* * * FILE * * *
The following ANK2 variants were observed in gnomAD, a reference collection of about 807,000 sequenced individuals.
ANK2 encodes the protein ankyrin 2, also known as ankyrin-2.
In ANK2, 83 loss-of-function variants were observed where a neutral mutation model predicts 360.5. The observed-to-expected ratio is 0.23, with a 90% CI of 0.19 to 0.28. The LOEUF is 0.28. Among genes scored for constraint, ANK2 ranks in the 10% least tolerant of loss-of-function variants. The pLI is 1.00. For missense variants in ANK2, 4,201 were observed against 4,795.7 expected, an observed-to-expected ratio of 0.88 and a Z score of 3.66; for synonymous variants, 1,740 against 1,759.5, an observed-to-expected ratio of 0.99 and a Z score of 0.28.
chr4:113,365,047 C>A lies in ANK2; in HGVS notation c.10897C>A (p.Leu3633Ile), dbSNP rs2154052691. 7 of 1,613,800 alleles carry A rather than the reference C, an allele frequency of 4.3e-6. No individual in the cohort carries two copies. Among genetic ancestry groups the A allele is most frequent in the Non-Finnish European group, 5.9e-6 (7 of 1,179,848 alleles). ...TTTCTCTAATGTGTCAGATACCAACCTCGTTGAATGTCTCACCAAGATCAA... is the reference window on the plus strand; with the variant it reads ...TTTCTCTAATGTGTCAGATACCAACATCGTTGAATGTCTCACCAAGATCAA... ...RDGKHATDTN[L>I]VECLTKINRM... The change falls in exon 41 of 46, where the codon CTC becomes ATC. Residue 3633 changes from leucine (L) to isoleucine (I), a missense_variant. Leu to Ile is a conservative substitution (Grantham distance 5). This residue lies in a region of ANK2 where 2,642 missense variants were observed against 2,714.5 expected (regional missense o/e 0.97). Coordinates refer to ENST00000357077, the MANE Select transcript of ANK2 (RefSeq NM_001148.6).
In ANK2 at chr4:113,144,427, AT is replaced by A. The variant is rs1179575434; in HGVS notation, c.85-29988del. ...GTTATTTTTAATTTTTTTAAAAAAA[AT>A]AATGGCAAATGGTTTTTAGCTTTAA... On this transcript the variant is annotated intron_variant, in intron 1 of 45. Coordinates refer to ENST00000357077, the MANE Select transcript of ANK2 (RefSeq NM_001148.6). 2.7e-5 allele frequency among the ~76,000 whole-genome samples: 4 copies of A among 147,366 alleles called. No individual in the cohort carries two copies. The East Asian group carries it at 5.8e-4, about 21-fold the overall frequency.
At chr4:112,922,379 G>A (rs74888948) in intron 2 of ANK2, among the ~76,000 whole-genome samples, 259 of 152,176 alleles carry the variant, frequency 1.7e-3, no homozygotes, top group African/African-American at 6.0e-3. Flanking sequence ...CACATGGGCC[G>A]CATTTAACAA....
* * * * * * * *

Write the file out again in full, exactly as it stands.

The following ANK2 variants were observed in gnomAD, a reference collection of about 807,000 sequenced individuals.
ANK2 encodes the protein ankyrin 2, also known as ankyrin-2.
In ANK2, 83 loss-of-function variants were observed where a neutral mutation model predicts 360.5. The observed-to-expected ratio is 0.23, with a 90% CI of 0.19 to 0.28. The LOEUF is 0.28. Among genes scored for constraint, ANK2 ranks in the 10% least tolerant of loss-of-function variants. The pLI is 1.00. For missense variants in ANK2, 4,201 were observed against 4,795.7 expected, an observed-to-expected ratio of 0.88 and a Z score of 3.66; for synonymous variants, 1,740 against 1,759.5, an observed-to-expected ratio of 0.99 and a Z score of 0.28.
chr4:113,365,047 C>A lies in ANK2; in HGVS notation c.10897C>A (p.Leu3633Ile), dbSNP rs2154052691. 7 of 1,613,800 alleles carry A rather than the reference C, an allele frequency of 4.3e-6. No individual in the cohort carries two copies. Among genetic ancestry groups the A allele is most frequent in the Non-Finnish European group, 5.9e-6 (7 of 1,179,848 alleles). ...TTTCTCTAATGTGTCAGATACCAACCTCGTTGAATGTCTCACCAAGATCAA... is the reference window on the plus strand; with the variant it reads ...TTTCTCTAATGTGTCAGATACCAACATCGTTGAATGTCTCACCAAGATCAA... ...RDGKHATDTN[L>I]VECLTKINRM... The change falls in exon 41 of 46, where the codon CTC becomes ATC. Residue 3633 changes from leucine (L) to isoleucine (I), a missense_variant. Leu to Ile is a conservative substitution (Grantham distance 5). This residue lies in a region of ANK2 where 2,642 missense variants were observed against 2,714.5 expected (regional missense o/e 0.97). Coordinates refer to ENST00000357077, the MANE Select transcript of ANK2 (RefSeq NM_001148.6).
In ANK2 at chr4:113,144,427, AT is replaced by A. The variant is rs1179575434; in HGVS notation, c.85-29988del. ...GTTATTTTTAATTTTTTTAAAAAAA[AT>A]AATGGCAAATGGTTTTTAGCTTTAA... On this transcript the variant is annotated intron_variant, in intron 1 of 45. Coordinates refer to ENST00000357077, the MANE Select transcript of ANK2 (RefSeq NM_001148.6). 2.7e-5 allele frequency among the ~76,000 whole-genome samples: 4 copies of A among 147,366 alleles called. No individual in the cohort carries two copies. The East Asian group carries it at 5.8e-4, about 21-fold the overall frequency.
At chr4:112,922,379 G>A (rs74888948) in intron 2 of ANK2, among the ~76,000 whole-genome samples, 259 of 152,176 alleles carry the variant, frequency 1.7e-3, no homozygotes, top group African/African-American at 6.0e-3. Flanking sequence ...CACATGGGCC[G>A]CATTTAACAA....